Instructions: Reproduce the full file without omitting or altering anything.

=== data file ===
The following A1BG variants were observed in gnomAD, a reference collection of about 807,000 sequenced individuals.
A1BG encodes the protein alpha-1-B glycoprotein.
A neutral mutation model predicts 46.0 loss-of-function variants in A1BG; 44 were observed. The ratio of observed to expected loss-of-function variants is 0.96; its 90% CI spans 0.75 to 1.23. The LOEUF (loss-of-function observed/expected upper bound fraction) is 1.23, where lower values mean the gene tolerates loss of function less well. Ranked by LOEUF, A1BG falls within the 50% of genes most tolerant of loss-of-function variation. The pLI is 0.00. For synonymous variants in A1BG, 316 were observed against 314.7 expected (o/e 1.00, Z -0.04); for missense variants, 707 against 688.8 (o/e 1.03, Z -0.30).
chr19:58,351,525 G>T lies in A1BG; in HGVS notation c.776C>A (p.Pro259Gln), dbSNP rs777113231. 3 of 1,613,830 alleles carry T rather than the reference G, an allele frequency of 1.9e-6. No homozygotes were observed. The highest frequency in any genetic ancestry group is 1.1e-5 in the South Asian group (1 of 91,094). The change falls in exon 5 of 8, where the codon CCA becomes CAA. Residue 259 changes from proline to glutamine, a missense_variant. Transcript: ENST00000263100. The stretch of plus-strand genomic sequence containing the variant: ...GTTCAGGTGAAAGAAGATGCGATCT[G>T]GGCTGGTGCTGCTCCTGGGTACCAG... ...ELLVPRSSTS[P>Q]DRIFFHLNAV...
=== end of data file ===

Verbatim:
The following A1BG variants were observed in gnomAD, a reference collection of about 807,000 sequenced individuals.
A1BG encodes the protein alpha-1-B glycoprotein.
A neutral mutation model predicts 46.0 loss-of-function variants in A1BG; 44 were observed. The ratio of observed to expected loss-of-function variants is 0.96; its 90% CI spans 0.75 to 1.23. The LOEUF (loss-of-function observed/expected upper bound fraction) is 1.23, where lower values mean the gene tolerates loss of function less well. Ranked by LOEUF, A1BG falls within the 50% of genes most tolerant of loss-of-function variation. The pLI is 0.00. For synonymous variants in A1BG, 316 were observed against 314.7 expected (o/e 1.00, Z -0.04); for missense variants, 707 against 688.8 (o/e 1.03, Z -0.30).
chr19:58,351,525 G>T lies in A1BG; in HGVS notation c.776C>A (p.Pro259Gln), dbSNP rs777113231. 3 of 1,613,830 alleles carry T rather than the reference G, an allele frequency of 1.9e-6. No homozygotes were observed. The highest frequency in any genetic ancestry group is 1.1e-5 in the South Asian group (1 of 91,094). The change falls in exon 5 of 8, where the codon CCA becomes CAA. Residue 259 changes from proline to glutamine, a missense_variant. Transcript: ENST00000263100. The stretch of plus-strand genomic sequence containing the variant: ...GTTCAGGTGAAAGAAGATGCGATCT[G>T]GGCTGGTGCTGCTCCTGGGTACCAG... ...ELLVPRSSTS[P>Q]DRIFFHLNAV...